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Northwest Voices

Seattle Times letters to the editor

September 3, 2009 at 4:00 PM

Radio ratings: Monson, Rush making too much noise?

On radio, Monson the most egotistic host around

I was intrigued by various aspects of The Seattle Times article [“Seattle and the ‘burbs split on radio tastes,” NWSunday, Aug. 30] concerning city talk radio and the rankings of certain shows.

One in particular would be The Times’ mention of Dori Monson. This person is truly a man of contrasts and maddening contradictions. For years I listened to him regularly, but a little at a time, I found myself becoming overwhelmed by a few of his individualistic tendencies.

On one hand, I deeply respect his facility with the English language. He has mastered this art in a way too few of us have. His quick mind, which enables him to think on the fly with just about anyone, is most impressive.

The problem, at least to this listener, is not an objection to his political views, nor is it one to his insistence upon lecturing his audience. It is his overwhelming and unwavering self-centeredness — his need to relate every possible item being discussed to him, to his upbringing, to his girls’ basketball coaching and to his daughters.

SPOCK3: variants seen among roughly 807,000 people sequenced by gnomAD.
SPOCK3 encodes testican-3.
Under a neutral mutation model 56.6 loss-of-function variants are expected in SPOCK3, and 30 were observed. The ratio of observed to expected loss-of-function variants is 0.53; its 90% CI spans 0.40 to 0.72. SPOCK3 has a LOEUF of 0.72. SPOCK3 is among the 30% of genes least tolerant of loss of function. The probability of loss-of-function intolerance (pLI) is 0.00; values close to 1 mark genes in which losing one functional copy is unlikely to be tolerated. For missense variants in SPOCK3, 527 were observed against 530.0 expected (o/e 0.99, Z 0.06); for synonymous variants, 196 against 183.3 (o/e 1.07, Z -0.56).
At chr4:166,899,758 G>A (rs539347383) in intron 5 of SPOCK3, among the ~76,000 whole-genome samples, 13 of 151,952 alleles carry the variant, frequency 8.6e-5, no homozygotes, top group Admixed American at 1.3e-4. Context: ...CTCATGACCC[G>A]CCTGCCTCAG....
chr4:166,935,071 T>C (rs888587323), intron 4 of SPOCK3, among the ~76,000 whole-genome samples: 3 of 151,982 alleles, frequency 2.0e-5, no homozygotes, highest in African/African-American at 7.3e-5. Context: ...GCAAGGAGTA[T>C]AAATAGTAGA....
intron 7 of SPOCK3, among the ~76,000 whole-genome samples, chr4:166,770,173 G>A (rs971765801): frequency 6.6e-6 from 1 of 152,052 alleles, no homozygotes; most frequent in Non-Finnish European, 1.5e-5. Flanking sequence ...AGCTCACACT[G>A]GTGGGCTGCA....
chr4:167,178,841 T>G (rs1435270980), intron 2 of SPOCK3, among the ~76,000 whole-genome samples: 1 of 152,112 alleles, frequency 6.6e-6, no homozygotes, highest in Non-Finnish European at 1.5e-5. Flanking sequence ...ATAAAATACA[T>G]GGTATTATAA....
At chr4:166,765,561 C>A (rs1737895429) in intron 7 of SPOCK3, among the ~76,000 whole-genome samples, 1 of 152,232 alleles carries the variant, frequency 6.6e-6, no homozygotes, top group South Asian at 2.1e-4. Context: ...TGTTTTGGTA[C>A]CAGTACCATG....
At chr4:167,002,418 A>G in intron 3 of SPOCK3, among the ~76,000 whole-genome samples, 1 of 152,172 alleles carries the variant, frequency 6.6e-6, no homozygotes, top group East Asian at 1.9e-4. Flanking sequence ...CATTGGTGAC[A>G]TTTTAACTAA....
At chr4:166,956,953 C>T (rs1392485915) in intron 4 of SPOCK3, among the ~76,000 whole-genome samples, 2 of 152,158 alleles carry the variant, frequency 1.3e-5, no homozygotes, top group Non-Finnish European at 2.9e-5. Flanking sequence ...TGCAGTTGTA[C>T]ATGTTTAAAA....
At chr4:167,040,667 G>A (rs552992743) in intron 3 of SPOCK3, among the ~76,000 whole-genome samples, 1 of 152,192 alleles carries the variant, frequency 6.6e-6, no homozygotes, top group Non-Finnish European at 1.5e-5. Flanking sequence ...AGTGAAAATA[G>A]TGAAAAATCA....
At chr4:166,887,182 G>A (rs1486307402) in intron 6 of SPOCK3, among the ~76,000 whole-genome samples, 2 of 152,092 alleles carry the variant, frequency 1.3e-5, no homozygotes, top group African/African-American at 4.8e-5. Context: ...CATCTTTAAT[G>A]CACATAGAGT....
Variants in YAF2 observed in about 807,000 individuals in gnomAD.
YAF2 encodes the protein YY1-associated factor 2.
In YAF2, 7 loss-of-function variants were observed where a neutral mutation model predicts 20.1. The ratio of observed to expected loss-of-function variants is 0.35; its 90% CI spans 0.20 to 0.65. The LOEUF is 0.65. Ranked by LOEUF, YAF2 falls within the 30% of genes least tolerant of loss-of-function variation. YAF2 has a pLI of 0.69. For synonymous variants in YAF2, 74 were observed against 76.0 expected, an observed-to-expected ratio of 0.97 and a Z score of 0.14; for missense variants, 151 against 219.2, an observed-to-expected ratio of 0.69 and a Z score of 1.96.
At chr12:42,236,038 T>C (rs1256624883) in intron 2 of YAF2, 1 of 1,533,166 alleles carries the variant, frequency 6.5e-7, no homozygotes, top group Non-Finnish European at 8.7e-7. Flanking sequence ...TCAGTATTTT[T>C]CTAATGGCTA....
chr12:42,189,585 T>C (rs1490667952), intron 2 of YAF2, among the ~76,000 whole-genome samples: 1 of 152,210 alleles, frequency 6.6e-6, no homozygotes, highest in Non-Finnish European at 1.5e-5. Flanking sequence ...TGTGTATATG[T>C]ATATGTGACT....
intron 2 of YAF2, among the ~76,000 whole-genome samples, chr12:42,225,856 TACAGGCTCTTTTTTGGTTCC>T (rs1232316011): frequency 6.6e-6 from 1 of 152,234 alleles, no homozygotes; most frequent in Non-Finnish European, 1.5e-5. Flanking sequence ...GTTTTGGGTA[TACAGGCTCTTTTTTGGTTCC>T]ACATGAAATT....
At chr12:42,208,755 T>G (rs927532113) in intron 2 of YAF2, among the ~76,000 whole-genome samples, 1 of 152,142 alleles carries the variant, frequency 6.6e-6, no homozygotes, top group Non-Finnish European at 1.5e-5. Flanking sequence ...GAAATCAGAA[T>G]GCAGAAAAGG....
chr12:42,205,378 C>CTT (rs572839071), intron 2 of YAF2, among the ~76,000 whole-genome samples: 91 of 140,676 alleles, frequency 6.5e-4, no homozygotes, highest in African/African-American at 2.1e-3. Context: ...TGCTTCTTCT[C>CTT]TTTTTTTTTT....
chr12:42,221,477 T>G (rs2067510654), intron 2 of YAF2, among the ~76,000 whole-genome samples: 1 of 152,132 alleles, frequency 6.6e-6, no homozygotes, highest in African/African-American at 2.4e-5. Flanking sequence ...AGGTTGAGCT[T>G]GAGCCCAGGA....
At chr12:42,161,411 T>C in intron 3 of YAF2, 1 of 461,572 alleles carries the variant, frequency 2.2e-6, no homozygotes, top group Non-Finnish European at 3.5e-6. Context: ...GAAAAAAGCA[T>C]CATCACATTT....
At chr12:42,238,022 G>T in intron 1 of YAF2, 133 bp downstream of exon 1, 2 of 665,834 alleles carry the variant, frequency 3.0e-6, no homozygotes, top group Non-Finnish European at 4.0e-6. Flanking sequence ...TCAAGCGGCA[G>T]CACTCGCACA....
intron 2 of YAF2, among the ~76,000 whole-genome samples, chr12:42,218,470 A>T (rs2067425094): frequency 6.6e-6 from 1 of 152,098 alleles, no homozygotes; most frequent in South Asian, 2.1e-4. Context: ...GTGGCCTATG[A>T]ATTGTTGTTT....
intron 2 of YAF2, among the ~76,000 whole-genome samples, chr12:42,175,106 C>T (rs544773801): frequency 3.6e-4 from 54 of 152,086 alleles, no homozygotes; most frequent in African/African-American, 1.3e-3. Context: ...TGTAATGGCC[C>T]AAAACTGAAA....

The contrasts between him and Dave Ross, the host who precedes him, are striking. In addition to the aforementioned characteristics, Monson puts every effort possible into preventing something he has said from appearing to be wrong. Ross, on the other hand, does not demonstrate a driving need to be right, to be all-knowing or to talk about himself.

I was more than amused to read the statement attributed to Monson in your article.

There were two, and despite this limitation, he found a way — “I was the top talk show in town for 12 years” — to focus attention upon himself.

Unbelievable. I wish I had a dime for every time over the years I have heard him somehow casually insert his magnificence into what is being discussed.

— Tom Likai, Shoreline

Rush making more noise than he has listeners

That was an excellent package by Eric Latitis on radio ratings in the area [“New meter reveals whims of radio fans,” NWSunday, Aug. 30].

Here we have only 209,000 people, out of some 4 million in the Puget Sound area, listening to late-morning radio. And only 11,000 to 12,000 are listening to Rush Limbaugh.

Fascinating that the amount of echo generated on cable and the other mainstream media can come from such a pathetically small audience.

Talk about a minority making more noise than it deserves.

— Frank Chesley, Seattle

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